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Re: Thinking of organising a special mini-debconf

* 'lesleyb' <lesleyb@herlug.org.uk> [2013:08:19 21:45 +0100]: 
> Any attempt to rectify the situation in future DebConf's places a huge burden
> on those women who are at a DebConf, where the program isn't finalised
> beforehand, who suddenly get the proposal they should speak.  If anything would
> have me howling and hoping for the ground to open up and swallow me up, room
> that might just about be the thing to do it.

This is actually a good point -- there's a fine line between encouraging and
putting people on the spot in a way that makes them uncomfortable in a bad way.

That said, I think that many among us who became DDs were put on the spot in
that way. "So when are you going to apply to NM?" is a question I got asked a
*LOT*. I don't think it's wrong to push boundaries a little bit, but if
everyone is "pushing boundaries a little bit" then it can quickly overload
someone who just wants to meet cool Debian people.
> I hate the fact we haven't got past the problem surrounding female speakers at
> any conference let alone a DebConf.

Aw, this is a bit pessimistic, don't you think? The conference problem hasn't
been solved because it's a symptom of a larger, systemic problem. But I think a
lot of headway has been made -- people are very aware of it as an issue, and a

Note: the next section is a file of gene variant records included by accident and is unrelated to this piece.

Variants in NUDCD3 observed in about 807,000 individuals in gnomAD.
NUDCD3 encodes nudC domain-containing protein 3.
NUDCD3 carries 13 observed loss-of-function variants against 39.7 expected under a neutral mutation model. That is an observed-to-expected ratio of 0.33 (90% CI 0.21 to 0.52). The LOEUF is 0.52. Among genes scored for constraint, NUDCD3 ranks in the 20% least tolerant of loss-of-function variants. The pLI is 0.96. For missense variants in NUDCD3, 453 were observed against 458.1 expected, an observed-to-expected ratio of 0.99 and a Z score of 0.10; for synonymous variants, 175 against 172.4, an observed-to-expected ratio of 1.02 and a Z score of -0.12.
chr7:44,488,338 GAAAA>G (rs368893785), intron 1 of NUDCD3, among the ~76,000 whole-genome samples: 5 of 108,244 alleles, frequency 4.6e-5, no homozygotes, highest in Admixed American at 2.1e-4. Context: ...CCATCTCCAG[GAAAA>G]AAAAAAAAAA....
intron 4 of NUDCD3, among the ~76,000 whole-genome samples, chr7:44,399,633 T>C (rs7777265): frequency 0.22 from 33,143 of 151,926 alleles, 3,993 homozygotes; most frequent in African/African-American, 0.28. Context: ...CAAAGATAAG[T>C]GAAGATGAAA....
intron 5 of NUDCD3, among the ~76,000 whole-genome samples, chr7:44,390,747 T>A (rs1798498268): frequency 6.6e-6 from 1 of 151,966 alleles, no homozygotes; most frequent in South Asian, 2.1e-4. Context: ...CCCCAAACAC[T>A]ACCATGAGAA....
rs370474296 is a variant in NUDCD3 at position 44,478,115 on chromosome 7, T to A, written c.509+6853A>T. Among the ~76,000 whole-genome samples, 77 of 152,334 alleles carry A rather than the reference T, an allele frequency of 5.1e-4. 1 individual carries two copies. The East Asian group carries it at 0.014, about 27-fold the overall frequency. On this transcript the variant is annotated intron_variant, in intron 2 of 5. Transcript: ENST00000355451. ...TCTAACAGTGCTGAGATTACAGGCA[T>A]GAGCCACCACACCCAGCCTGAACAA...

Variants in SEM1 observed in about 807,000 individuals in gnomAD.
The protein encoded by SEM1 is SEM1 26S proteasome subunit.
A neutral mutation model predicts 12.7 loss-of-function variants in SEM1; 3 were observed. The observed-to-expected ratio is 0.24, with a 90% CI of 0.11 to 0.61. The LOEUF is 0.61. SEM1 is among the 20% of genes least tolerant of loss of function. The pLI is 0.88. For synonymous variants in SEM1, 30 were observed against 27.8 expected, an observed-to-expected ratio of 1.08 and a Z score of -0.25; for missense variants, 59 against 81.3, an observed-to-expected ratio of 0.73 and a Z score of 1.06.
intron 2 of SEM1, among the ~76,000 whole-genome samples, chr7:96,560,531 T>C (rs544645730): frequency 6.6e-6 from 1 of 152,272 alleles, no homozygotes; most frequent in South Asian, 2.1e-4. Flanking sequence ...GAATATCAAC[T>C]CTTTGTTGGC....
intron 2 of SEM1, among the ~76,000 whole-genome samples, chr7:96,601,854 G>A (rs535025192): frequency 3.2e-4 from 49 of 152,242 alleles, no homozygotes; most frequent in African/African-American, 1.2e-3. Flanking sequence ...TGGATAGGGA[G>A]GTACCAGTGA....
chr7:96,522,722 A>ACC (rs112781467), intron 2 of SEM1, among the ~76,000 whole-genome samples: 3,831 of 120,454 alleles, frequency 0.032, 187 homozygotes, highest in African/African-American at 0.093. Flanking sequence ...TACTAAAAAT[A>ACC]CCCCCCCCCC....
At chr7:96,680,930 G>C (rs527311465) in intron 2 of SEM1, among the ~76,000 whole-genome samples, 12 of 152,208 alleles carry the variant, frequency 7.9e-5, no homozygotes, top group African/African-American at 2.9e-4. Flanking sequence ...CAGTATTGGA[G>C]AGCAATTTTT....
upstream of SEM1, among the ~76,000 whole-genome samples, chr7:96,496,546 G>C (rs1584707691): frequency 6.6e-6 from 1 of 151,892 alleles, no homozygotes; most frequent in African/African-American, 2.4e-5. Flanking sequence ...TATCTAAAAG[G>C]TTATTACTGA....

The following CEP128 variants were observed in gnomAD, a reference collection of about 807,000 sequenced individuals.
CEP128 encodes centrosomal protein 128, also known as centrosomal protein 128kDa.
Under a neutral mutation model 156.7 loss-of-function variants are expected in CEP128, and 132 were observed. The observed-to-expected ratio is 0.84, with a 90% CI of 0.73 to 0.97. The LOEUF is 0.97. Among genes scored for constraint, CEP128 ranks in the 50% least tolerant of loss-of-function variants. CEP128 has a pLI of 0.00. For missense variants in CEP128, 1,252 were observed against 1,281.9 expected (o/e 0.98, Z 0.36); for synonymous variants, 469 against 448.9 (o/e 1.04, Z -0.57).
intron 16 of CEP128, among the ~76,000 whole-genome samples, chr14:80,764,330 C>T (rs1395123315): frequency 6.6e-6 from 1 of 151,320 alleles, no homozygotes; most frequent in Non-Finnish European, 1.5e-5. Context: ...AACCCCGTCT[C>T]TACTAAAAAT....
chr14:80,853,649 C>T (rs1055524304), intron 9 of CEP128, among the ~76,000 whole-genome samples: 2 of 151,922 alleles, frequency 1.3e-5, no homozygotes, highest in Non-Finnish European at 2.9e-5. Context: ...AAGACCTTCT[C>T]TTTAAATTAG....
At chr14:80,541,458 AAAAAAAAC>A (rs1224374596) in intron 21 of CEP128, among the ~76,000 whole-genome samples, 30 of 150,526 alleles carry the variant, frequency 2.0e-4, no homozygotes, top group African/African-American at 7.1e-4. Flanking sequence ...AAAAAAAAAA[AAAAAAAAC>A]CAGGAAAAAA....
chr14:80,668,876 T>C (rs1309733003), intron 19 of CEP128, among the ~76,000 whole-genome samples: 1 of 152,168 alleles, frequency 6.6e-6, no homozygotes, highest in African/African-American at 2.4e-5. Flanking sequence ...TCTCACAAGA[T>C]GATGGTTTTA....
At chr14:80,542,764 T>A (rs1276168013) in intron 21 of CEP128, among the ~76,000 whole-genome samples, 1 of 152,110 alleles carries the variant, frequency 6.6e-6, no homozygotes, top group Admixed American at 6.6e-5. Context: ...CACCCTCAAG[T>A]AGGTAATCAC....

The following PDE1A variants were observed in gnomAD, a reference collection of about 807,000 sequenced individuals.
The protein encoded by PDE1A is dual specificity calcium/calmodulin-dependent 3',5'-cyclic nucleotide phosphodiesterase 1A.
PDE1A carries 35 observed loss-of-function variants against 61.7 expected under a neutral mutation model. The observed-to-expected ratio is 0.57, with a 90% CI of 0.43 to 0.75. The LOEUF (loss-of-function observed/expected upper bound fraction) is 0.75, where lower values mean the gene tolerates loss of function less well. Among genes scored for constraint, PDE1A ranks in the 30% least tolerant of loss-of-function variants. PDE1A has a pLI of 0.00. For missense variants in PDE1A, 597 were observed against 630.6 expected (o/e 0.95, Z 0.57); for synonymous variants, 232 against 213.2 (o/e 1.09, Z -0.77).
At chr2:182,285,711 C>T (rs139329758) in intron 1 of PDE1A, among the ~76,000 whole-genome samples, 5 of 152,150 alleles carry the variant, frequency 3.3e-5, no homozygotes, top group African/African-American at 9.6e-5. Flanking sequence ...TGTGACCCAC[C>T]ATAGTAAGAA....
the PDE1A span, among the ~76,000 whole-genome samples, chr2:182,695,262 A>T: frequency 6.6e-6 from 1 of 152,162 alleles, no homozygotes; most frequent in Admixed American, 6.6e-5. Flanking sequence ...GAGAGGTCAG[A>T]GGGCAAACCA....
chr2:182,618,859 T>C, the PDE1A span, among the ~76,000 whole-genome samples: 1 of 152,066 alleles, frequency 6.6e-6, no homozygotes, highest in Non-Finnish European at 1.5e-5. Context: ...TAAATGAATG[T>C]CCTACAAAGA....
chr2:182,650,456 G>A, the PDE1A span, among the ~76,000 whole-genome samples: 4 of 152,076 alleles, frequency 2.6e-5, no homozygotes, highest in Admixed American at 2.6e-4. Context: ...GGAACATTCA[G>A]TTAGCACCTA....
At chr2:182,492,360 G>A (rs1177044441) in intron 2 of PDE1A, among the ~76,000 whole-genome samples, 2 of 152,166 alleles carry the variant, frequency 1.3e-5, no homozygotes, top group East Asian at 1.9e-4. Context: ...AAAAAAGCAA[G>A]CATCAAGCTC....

number of prominent (male) speakers are refusing to participate in panels that
don't have women.

For what it's worth, I have given a number of technical talks, but I have
mostly stopped not because I am shy or new or afraid to give talks: I stopped
because of the constant filming and not having a socially acceptable way to
tell conference organizers that I didn't want them to videotape me. I guess I
could have said "I don't want to be videotaped" and hoped they did not ask why,
but if they did my answer would be "because men make gross comments about my
appearance" and then it turns into an argument, probably. About how trolls
online are this way, and shouldn't I be flattered, or whatever -- you know what
I mean. To some extent I could probably get away with this, since my day job
involves working on anonymity software, thus giving me a free pass to act as
paranoid as I want, but not everyone is in the same position, yet they may wish
for the same options.

So my other recommendation to conference organizers is: make it explicit
that speakers can opt out and give them some options: no recording at all,
audio recording with slides, or video recording. I would even put it in a sign
up form once their talk is confirmed so they do not have to talk to anyone to
justify their decision.

Plus, it's not like you need a harassment-related reason -- if you're giving
your first talk ever, maybe you don't want it archived forever online in case
it sucks.

BTW next year is our 10 year anniversary. So I am fully on-board with a Debian
Women Conf.

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